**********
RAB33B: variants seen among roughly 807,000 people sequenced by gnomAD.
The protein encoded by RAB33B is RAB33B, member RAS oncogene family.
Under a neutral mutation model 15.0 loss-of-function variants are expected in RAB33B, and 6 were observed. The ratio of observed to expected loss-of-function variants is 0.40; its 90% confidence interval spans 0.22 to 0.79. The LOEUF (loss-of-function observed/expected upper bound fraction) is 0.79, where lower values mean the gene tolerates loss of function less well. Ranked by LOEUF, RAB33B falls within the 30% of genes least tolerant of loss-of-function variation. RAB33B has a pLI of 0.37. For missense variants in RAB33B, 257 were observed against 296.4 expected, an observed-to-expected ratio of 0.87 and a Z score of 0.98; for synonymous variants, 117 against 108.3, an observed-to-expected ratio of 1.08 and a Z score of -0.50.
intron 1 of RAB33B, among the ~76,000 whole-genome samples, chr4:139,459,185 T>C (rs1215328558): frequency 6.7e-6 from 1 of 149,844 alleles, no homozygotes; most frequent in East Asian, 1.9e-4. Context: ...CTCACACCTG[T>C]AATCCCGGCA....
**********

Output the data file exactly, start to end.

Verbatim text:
RAB33B: variants seen among roughly 807,000 people sequenced by gnomAD.
The protein encoded by RAB33B is RAB33B, member RAS oncogene family.
Under a neutral mutation model 15.0 loss-of-function variants are expected in RAB33B, and 6 were observed. The ratio of observed to expected loss-of-function variants is 0.40; its 90% confidence interval spans 0.22 to 0.79. The LOEUF (loss-of-function observed/expected upper bound fraction) is 0.79, where lower values mean the gene tolerates loss of function less well. Ranked by LOEUF, RAB33B falls within the 30% of genes least tolerant of loss-of-function variation. RAB33B has a pLI of 0.37. For missense variants in RAB33B, 257 were observed against 296.4 expected, an observed-to-expected ratio of 0.87 and a Z score of 0.98; for synonymous variants, 117 against 108.3, an observed-to-expected ratio of 1.08 and a Z score of -0.50.
intron 1 of RAB33B, among the ~76,000 whole-genome samples, chr4:139,459,185 T>C (rs1215328558): frequency 6.7e-6 from 1 of 149,844 alleles, no homozygotes; most frequent in East Asian, 1.9e-4. Context: ...CTCACACCTG[T>C]AATCCCGGCA....